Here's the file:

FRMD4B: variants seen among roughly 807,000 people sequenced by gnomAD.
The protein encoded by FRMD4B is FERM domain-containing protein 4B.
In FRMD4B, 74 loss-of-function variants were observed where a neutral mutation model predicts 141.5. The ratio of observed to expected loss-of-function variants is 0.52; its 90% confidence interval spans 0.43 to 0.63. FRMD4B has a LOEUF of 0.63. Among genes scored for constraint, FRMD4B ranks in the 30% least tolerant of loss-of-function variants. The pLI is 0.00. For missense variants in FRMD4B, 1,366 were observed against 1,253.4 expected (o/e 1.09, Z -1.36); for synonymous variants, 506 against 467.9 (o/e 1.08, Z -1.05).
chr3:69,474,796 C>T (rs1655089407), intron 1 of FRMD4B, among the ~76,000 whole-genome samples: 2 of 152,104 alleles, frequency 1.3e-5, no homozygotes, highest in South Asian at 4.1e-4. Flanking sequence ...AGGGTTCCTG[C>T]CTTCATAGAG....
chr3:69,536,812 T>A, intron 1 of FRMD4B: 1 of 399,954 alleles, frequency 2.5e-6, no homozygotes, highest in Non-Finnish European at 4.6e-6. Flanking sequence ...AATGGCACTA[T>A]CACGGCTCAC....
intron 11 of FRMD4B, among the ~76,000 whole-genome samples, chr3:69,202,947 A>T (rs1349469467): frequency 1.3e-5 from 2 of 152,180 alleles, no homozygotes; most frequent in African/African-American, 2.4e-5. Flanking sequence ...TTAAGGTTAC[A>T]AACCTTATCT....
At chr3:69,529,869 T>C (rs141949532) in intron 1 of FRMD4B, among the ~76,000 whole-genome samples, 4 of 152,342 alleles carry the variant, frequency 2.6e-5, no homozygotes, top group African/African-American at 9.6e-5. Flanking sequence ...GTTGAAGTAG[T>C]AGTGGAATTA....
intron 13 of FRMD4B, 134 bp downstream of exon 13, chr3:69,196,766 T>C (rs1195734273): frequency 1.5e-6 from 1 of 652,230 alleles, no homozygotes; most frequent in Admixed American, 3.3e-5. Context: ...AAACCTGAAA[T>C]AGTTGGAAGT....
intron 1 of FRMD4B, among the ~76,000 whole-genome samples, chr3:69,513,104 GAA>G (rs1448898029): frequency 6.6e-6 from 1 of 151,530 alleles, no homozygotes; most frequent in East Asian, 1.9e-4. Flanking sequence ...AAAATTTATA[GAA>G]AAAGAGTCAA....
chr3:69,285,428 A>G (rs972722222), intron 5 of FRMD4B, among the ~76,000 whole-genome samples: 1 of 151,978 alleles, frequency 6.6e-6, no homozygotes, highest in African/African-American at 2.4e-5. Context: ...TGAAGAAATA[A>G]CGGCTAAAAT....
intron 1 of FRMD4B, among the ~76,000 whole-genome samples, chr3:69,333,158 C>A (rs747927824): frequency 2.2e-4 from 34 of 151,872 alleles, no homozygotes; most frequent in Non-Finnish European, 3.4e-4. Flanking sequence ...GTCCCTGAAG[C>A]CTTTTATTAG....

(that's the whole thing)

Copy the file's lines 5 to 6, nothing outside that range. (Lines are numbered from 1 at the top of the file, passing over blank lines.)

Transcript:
chr3:69,536,812 T>A, intron 1 of FRMD4B: 1 of 399,954 alleles, frequency 2.5e-6, no homozygotes, highest in Non-Finnish European at 4.6e-6. Flanking sequence ...AATGGCACTA[T>A]CACGGCTCAC....
intron 11 of FRMD4B, among the ~76,000 whole-genome samples, chr3:69,202,947 A>T (rs1349469467): frequency 1.3e-5 from 2 of 152,180 alleles, no homozygotes; most frequent in African/African-American, 2.4e-5. Flanking sequence ...TTAAGGTTAC[A>T]AACCTTATCT....